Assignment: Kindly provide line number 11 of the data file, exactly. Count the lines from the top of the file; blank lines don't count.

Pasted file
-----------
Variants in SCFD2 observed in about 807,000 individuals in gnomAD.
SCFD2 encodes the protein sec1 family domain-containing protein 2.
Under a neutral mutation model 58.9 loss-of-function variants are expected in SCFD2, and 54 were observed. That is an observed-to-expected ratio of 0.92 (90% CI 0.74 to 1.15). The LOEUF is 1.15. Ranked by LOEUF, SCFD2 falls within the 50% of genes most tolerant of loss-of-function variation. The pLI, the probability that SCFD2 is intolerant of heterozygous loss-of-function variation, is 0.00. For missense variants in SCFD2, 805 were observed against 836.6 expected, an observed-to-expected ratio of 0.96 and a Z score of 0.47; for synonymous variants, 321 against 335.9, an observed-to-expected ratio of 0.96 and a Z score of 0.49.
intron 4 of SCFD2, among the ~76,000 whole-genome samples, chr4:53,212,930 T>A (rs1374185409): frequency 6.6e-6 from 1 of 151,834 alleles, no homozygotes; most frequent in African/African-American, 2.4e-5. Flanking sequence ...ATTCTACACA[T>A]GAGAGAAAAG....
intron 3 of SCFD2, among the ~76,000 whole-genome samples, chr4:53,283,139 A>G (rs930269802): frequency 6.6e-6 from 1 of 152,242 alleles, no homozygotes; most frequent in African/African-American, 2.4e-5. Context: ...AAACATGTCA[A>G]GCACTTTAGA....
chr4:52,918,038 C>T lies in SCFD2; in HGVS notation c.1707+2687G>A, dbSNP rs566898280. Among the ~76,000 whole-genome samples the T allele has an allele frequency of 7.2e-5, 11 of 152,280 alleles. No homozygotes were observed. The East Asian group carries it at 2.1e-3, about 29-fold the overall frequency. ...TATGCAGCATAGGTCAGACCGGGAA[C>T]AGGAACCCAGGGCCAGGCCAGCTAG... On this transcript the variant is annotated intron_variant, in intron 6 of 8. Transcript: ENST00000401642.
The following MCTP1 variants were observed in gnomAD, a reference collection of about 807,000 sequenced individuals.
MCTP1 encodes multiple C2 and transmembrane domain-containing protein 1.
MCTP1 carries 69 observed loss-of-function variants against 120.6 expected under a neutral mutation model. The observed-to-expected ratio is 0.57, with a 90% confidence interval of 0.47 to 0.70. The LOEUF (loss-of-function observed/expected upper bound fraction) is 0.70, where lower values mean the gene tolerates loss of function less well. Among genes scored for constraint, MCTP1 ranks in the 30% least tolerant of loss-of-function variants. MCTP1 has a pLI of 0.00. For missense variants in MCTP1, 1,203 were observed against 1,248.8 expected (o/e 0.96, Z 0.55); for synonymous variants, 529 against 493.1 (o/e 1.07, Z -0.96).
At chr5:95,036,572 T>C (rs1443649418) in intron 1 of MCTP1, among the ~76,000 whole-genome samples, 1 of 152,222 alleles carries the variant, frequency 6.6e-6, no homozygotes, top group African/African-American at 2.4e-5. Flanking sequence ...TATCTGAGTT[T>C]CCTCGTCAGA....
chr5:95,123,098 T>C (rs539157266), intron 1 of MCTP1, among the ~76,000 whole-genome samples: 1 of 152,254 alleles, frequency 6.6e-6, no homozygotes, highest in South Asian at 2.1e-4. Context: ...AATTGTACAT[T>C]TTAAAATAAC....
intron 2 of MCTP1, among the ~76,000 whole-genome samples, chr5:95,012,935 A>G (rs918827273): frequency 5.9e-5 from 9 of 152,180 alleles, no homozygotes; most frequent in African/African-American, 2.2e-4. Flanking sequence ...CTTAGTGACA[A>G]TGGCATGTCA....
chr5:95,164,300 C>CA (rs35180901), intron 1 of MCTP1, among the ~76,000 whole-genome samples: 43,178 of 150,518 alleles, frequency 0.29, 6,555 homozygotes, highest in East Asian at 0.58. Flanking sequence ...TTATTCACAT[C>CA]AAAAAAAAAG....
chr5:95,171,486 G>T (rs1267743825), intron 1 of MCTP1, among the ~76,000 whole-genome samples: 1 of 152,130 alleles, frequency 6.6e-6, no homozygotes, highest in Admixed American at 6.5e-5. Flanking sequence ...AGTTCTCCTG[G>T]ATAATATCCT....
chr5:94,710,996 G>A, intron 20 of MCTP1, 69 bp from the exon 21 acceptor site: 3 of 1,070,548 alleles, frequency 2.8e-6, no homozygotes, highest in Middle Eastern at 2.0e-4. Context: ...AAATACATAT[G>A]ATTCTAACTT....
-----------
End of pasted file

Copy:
chr5:95,123,098 T>C (rs539157266), intron 1 of MCTP1, among the ~76,000 whole-genome samples: 1 of 152,254 alleles, frequency 6.6e-6, no homozygotes, highest in South Asian at 2.1e-4. Context: ...AATTGTACAT[T>C]TTAAAATAAC....